Therefore leaving the principles of the doctrine of Christ, let us go on unto perfection; not laying again the foundation of repentance from dead works, and of faith toward God, of the doctrine of baptisms, and of laying on of hands, and of resurrection of the dead, and of eternal judgment.
The laying on of hands was part of the early faith and is not essential to a mature faith. It is seen as both symbolic and the means of transference. If we maintain this practice today (which is not unreasonable), we must understand it merely in its symbolic aspect.
The laying on of hands in the Acts Age carried with it an apostolic transference in some instances and merely as a symbolic recognition of that which already existed. Note that nothing was conferred upon Stephen when he had hands laid upon him (and the other deacons).
And the saying pleased the whole multitude: and they chose Stephen, a man full of faith and of the Holy Ghost, and Philip, and Prochorus, and Nicanor, and Timon, and Parmenas, and Nicolas a proselyte of Antioch: whom they set before the apostles: and when they had prayed, they laid their hands on them.
Stephen was one of a number who already had the gifts and wisdom. He was charged with a duty, not with any gifts or empowerments (this was in the Acts Age in any case, but even here there is no transference) . Those chosen were already "full." They received no more "faith" and no further "gifts" of the spirit. They were neither "more saved" nor "more empowered."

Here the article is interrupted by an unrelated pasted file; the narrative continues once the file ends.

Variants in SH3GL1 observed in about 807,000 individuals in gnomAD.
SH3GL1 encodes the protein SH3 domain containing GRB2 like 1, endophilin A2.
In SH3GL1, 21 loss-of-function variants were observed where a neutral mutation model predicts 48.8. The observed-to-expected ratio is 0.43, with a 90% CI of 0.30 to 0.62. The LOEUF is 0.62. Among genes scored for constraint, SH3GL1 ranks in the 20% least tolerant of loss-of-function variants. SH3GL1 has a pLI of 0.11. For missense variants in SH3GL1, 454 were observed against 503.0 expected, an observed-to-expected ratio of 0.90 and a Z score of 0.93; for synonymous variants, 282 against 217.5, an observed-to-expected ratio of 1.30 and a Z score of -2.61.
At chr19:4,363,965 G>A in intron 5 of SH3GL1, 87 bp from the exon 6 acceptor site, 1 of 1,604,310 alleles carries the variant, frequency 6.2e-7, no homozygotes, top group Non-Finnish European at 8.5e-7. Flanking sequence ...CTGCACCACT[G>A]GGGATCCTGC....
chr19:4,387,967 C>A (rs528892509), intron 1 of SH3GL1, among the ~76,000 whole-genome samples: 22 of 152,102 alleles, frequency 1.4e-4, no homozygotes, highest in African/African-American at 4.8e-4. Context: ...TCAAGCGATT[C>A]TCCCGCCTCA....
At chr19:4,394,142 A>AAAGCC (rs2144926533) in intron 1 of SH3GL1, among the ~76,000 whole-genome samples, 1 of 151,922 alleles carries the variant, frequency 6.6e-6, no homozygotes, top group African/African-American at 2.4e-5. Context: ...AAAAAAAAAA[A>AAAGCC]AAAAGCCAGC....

Wherefore, brethren, look ye out among you seven men of honest report, full of the Holy Ghost [gifts] and wisdom, whom we may appoint over this business.
Paul and Barnabas had hands laid upon them, but they were already certainly full of all gifts, wisdom, and calling.
As they ministered to the Lord, and fasted, the Holy Ghost said, Separate me Barnabas and Saul for the work whereunto I have called them. And when they had fasted and prayed, and laid their hands on them, they sent them away.
On the other side, there is a conferring of gifts connected to the Apostles. Gifts were only conferred by Apostles (that I can see) while offices could be conferred by others as well.
We must also note that Timothy's selection as the "faithful" man Paul chose had been part of a prophecy:
This charge I commit to thee, son Timothy, according to the prophecies as to thee
preceding, in order that thou mightest war by them the good warfare, maintaining faith
and a good conscience; which (last) some having put away, have made shipwreck as to
Timothy is charged with defending the faith, the correcting of those who had fallen away from sound doctrine. This charge is not a supernatural power. This charge is conferred upon some to protect the flock. These have a high calling and will be subjected to many attacks (from within and without) and a face a stricter judgement of their service. This charge must only be given to "faithful" men. Etc.
Thou therefore, my son [Timothy], be strong in the grace that is in Christ Jesus. And the things that thou hast heard of me among many witnesses, the same commit thou to faithful men, who shall be able to teach others also. Thou therefore endure hardness, as a good soldier of Jesus Christ.
Lay hands suddenly on no man.